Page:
Research

Bringing Light Into Architecture

8 October 2018

The Mirror Sculpture in our office was first created and inspired by the concept of bringing light down into our meeting room in the basement which looked out onto a brick wall.

Mirror sculpture

Clouds are beautifully reflected

We took the property in 2014 from a barber shop and fully renovated it. The barber shop left behind 60 mirror tiles and we couldn’t let them go to waste, so gratefully took them with the intent to recycle and reuse them in an interesting fluid structure.

We created a sculpture that is both creative structurally and practical by bringing light to the interior.

Sebastian, XUL Architecture’s Director, began to create small models by arranging the mirrors into different angles to try and see what worked and what didn’t. Gradually, a shape and model began to emerge resulting in a waterfall effect that had real movement to it.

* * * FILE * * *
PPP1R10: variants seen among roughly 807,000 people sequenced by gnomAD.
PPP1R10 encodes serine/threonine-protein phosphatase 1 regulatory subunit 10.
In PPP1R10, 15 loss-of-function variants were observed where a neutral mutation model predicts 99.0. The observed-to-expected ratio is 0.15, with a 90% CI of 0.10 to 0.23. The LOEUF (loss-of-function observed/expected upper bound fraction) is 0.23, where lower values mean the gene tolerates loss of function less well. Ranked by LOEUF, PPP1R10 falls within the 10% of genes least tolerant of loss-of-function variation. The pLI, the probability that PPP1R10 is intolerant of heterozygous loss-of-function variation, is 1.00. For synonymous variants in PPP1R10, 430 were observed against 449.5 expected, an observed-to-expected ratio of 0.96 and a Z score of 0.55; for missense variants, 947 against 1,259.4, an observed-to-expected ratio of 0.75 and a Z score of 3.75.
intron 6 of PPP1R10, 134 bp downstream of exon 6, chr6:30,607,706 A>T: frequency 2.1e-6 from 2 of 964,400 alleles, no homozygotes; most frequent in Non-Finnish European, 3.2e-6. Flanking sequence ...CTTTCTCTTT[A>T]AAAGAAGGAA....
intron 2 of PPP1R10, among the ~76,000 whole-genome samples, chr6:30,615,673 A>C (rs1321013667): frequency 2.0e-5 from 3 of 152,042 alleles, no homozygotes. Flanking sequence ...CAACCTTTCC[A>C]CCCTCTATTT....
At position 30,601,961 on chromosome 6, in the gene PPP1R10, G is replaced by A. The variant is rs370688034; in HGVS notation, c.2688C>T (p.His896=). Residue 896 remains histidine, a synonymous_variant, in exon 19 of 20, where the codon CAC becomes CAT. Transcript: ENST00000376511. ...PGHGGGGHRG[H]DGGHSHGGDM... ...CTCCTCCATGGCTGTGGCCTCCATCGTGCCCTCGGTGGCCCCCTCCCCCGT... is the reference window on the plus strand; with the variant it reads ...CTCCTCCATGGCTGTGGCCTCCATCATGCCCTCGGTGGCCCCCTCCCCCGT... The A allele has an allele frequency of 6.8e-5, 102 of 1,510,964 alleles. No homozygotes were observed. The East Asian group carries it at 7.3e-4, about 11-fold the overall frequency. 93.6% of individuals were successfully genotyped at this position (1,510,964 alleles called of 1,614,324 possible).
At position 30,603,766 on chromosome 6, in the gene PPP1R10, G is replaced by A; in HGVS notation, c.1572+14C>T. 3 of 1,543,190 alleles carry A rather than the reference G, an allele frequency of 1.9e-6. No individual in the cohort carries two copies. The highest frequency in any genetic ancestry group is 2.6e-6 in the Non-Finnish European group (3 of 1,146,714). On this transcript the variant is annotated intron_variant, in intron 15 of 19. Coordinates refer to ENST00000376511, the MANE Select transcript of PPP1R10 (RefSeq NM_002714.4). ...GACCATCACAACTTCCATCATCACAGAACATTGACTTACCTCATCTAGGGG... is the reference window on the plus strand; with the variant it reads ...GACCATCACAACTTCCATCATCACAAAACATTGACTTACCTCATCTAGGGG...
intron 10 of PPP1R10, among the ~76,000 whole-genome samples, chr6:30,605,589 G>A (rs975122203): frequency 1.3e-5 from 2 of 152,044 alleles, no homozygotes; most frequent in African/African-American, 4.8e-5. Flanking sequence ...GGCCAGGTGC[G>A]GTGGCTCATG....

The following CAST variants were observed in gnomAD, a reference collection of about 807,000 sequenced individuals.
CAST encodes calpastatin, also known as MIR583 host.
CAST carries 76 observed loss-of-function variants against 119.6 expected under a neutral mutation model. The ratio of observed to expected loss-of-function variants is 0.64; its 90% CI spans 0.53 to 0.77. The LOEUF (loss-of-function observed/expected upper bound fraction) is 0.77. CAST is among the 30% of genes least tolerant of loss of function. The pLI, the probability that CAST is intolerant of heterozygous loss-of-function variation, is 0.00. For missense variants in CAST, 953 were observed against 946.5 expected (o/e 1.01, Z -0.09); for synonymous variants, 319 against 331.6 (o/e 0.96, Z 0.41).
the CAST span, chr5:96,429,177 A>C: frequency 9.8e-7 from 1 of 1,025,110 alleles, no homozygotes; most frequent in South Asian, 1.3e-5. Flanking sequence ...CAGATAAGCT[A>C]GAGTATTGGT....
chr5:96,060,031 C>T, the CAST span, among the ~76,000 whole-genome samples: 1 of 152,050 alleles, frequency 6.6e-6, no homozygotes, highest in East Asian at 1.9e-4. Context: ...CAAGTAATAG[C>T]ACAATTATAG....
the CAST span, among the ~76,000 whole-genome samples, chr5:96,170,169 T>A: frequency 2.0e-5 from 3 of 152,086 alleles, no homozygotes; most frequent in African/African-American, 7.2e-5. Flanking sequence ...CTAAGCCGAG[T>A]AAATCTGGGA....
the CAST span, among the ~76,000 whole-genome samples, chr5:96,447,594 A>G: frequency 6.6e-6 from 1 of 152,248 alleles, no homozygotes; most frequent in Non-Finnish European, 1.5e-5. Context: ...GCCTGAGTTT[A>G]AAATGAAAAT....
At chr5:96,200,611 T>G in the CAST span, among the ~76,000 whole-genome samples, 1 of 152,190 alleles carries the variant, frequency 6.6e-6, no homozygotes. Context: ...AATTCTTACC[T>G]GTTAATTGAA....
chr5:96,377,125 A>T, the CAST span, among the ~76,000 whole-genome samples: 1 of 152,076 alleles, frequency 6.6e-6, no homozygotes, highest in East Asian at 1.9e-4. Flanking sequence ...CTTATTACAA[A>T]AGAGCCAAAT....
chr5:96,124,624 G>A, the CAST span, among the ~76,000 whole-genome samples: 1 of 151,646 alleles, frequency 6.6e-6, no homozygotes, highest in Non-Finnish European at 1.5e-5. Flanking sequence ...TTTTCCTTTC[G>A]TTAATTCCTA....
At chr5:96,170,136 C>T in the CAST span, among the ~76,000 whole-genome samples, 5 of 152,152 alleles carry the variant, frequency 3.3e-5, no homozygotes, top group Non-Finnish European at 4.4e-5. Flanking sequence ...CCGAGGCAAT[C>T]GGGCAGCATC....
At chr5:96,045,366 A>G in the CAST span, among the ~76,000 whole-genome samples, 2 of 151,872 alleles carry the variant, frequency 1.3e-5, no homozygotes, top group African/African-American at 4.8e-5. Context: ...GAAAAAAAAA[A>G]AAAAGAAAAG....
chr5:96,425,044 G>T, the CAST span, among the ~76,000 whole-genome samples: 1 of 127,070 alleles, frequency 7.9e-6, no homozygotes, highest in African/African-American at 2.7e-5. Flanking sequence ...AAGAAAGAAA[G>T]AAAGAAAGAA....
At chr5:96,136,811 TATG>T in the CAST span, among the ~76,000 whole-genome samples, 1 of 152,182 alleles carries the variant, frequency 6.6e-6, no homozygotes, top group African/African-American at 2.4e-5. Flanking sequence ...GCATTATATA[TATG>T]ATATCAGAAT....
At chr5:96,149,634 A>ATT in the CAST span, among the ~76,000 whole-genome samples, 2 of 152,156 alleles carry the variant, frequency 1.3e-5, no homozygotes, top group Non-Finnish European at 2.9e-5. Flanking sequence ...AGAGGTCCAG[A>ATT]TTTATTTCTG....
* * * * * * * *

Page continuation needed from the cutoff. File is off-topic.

We are very pleased with how the structure turned out and exactly how it brings light into the basement. Now, instead of looking out of the window and seeing a brick wall, we can see the sky and clouds and get a sense of being outside. The lack of light was our main brief and we believe that we created a sculpture that is both creative structurally and practical by bringing light to the interior.

Reflection study

The sculpture was also designed to be seen from the street and people have commented that you can see the reflection of the sky when you walk on the pavement, adding value to the urban environment. It also provides a view of the sky from the room next to the meeting room, so together with the glass floor (attached) provides a very bright environment in which to work.

The Mirror Sculpture provides a great sense of fun and is an exciting conversation topic when people first enter the room and view the sculpture.

 

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